Saturday, January 19, 2013

It's That Time Again. Deployment. Yuck! What Do I Need To Do To Be Ready?

So after a long break from blogging I decided it was time to jump back into it. Especially since we are currently beginning to prepare for a second deployment. =( I never thought that I would be going through another deployment much less one this close. We were honestly expecting to get out of the military. However, due to issues with my health we ended up having to reenlist. In fact my hubby is having his reenlistment ceremony next week.
They leave this summer. Only a few more months to prepare. Even though we have done this before I am kind of overwhelmed and swept up in a flurry of actions, attempting to be somewhat prepared for this, not that you really can ever be truly ready for when your other half leaves you. Luckily, since we do have some experience we got down to the immediate decisions fairly quick.

First, it must be decided where you are going to live while your lovely soldier is running around with his gun over on the other side of the world. Lots of women like to stay on post or in their housing that is close to post. They all agree that the support is amazing since you are surrounded by many other families that are going through the exact same thing as you. There are also a lot of programs on post that are designed for the families of deployed soldiers. Schools are more lenient and understanding if you decide to go on a long vacation and take the kids out of school. So no matter if you are a mother with several kids or just a wife alone, there is always someone to help keep your spirits up. The down fall is if you haven't made a lot of friends or built some kind of support group and you are far from other family members or friends you may end up feeling completely alone and abandoned.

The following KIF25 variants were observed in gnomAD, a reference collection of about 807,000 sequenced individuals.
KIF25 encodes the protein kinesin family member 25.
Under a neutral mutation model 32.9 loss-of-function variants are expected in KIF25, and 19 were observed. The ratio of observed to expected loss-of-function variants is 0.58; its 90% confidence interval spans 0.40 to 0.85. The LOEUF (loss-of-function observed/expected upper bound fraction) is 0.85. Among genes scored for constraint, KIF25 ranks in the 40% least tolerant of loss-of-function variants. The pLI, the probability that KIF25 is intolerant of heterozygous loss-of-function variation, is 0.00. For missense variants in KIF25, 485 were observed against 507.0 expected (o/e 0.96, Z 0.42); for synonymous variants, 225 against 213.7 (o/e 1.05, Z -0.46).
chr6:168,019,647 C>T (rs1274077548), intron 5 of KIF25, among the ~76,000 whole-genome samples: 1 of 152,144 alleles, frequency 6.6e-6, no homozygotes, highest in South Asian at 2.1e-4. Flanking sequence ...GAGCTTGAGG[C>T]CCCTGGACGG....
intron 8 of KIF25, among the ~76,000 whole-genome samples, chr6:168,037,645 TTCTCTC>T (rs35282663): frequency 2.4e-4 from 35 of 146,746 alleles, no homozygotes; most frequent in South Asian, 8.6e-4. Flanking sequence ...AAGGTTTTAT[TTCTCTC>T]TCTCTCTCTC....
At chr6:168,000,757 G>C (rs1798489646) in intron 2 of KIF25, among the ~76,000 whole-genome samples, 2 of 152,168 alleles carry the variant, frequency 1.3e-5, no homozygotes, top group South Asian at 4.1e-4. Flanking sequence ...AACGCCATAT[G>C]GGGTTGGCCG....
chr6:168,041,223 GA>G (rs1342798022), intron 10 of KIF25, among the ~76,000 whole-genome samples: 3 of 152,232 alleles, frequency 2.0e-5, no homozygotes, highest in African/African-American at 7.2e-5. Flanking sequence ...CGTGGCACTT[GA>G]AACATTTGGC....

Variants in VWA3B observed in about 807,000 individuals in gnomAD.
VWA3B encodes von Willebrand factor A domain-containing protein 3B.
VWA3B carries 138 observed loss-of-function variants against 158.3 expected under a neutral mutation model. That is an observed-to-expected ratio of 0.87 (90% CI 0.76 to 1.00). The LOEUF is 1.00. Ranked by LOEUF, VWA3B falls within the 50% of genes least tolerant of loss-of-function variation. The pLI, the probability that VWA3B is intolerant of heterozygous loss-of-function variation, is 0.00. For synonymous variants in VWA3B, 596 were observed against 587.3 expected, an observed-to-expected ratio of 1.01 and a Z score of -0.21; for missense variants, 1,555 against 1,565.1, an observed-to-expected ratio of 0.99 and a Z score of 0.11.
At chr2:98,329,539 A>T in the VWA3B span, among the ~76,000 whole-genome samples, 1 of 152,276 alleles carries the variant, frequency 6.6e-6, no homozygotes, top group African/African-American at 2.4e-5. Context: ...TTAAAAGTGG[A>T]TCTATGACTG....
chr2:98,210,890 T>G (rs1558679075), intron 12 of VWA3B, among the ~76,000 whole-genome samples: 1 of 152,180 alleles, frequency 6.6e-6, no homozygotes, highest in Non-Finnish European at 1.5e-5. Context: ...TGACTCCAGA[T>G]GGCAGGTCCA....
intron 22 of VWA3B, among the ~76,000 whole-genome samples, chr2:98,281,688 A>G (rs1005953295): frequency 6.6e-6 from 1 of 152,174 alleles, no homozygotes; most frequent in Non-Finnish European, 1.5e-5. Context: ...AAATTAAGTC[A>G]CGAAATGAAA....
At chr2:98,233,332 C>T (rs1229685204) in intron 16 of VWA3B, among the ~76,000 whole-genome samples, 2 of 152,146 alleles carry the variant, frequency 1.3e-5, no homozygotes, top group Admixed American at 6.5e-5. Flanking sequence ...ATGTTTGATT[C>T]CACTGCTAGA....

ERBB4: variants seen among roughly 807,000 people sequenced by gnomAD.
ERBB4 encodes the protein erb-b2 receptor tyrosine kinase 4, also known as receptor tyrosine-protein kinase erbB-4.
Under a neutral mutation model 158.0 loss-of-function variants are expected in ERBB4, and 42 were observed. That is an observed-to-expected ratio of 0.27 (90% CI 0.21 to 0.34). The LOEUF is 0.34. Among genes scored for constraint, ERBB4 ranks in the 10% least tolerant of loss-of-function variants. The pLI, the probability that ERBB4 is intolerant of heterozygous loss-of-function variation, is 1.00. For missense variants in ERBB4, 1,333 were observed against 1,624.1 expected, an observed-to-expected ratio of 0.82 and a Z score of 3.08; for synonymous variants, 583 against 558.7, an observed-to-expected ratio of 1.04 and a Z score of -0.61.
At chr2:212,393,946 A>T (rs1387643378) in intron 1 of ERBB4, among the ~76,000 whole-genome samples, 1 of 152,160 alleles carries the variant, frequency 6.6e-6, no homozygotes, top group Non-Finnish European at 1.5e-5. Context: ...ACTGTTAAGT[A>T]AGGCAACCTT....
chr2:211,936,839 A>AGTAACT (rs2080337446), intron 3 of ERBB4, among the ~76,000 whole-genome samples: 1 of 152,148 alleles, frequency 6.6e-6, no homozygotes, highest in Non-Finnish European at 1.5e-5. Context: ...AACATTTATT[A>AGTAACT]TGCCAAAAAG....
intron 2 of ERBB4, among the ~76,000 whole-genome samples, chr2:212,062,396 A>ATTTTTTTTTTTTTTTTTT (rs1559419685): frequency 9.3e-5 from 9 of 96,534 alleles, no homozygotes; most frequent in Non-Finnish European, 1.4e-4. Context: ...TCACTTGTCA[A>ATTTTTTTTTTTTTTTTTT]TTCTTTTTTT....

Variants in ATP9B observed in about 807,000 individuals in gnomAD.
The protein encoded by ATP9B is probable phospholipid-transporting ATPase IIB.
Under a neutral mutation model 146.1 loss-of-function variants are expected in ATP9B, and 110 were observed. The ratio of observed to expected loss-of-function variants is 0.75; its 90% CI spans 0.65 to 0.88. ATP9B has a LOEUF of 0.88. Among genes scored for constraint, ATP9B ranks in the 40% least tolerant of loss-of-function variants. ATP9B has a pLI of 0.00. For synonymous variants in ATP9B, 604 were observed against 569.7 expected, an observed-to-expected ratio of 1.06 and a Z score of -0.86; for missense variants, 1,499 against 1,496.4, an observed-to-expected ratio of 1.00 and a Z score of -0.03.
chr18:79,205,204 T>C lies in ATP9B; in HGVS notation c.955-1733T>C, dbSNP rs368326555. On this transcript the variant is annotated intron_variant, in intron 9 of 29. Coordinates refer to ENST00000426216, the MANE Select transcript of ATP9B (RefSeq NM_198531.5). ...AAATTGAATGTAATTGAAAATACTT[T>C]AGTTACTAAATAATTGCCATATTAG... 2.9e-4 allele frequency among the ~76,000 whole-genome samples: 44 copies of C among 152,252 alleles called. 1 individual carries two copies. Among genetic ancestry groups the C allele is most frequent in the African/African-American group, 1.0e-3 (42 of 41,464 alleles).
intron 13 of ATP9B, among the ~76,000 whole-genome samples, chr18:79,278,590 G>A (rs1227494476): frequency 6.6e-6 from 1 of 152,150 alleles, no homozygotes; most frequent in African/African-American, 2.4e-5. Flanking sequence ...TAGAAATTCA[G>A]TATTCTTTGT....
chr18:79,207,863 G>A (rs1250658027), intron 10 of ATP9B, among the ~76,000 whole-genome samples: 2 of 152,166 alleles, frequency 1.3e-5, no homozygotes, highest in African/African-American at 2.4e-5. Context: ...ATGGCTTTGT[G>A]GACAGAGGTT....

There is also the choice to move back with family. I know a lot of wives that like to have the extra support of another family member when taking care of the kids. It's also a great way to save money as you won't have to pay rent (or as much of it.) The downfall here is that families don't always quite understand what you are going through and even if they mean well, they don't always give you what you need. Still it can be a great experience. I personally decided that since I have no children and we are trying to pay off debt that I would rather move back in with my parents. That way I can also spend time with the family I never get to see because they are so far away. That might play a part in your choice as well.

Second, if you have decided to move, it is logical to figure out when you are moving and how you are going to move. A lot of women move before their husband leaves since it is easier with his help. Keep in mind though that this may mean that you have to spend his last couple of weeks on US soil apart if you move far away from post. There is the option of moving after he leaves, but you must make sure you have the proper help. We are planning to put most of my stuff in storage since my parents still have my childhood room open to me. This makes the move a lot simpler. We are still arguing over whether I will move across the states during his block leave or if I'll move on my own after he leaves. I prefer the second over protective husband thinks I'll get lost during the 28 hr drive to the West. hahahaha

You also need to make sure you take care of the important legal stuff. Make an appointment with JAG so that you know everything is being properaly taken care of. You need to have a Power of Attorney done. This is a document that your husband signs that makes it so you can act as him in legal things while he is gone. In other words when you sign your name on something you are signing for him as well. So you have access to his bank accounts. You can buy a house or car without him there. All that good stuff. Watch out guys because this means that if your wife decides to buy a pig farm while you are gone, then you are returning as a pig farmer! =P
You will also need to make or update your Wills. If you have never done one before, don't worry, JAG will walk you through it. The main thing here is to try to decide before hand who you want to give your stuff too. You'll be asked, that in the case that you both pass away, where will your stuff go. It's best to have that all decided before you go in. Things go much smoother and faster that way.